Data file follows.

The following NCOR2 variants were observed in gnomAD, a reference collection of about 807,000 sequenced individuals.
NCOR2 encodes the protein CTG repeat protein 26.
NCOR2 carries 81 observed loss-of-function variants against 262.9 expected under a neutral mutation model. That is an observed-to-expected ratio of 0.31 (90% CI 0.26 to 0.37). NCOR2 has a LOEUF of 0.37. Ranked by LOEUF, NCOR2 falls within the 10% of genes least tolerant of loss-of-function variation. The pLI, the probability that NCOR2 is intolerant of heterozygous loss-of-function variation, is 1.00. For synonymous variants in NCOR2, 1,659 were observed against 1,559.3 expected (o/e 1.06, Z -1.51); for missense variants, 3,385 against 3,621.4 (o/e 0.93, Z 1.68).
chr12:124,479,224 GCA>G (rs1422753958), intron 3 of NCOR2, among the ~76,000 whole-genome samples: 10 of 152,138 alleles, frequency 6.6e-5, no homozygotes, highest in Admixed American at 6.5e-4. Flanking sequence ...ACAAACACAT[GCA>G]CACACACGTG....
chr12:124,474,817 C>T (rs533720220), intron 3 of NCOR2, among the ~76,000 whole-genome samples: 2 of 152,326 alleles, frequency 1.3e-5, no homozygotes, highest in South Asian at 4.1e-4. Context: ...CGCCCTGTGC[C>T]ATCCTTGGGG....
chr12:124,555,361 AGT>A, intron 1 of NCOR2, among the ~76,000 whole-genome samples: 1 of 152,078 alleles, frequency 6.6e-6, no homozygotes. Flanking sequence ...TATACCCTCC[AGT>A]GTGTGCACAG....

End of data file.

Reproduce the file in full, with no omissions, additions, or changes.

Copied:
The following NCOR2 variants were observed in gnomAD, a reference collection of about 807,000 sequenced individuals.
NCOR2 encodes the protein CTG repeat protein 26.
NCOR2 carries 81 observed loss-of-function variants against 262.9 expected under a neutral mutation model. That is an observed-to-expected ratio of 0.31 (90% CI 0.26 to 0.37). NCOR2 has a LOEUF of 0.37. Ranked by LOEUF, NCOR2 falls within the 10% of genes least tolerant of loss-of-function variation. The pLI, the probability that NCOR2 is intolerant of heterozygous loss-of-function variation, is 1.00. For synonymous variants in NCOR2, 1,659 were observed against 1,559.3 expected (o/e 1.06, Z -1.51); for missense variants, 3,385 against 3,621.4 (o/e 0.93, Z 1.68).
chr12:124,479,224 GCA>G (rs1422753958), intron 3 of NCOR2, among the ~76,000 whole-genome samples: 10 of 152,138 alleles, frequency 6.6e-5, no homozygotes, highest in Admixed American at 6.5e-4. Flanking sequence ...ACAAACACAT[GCA>G]CACACACGTG....
chr12:124,474,817 C>T (rs533720220), intron 3 of NCOR2, among the ~76,000 whole-genome samples: 2 of 152,326 alleles, frequency 1.3e-5, no homozygotes, highest in South Asian at 4.1e-4. Context: ...CGCCCTGTGC[C>T]ATCCTTGGGG....
chr12:124,555,361 AGT>A, intron 1 of NCOR2, among the ~76,000 whole-genome samples: 1 of 152,078 alleles, frequency 6.6e-6, no homozygotes. Flanking sequence ...TATACCCTCC[AGT>A]GTGTGCACAG....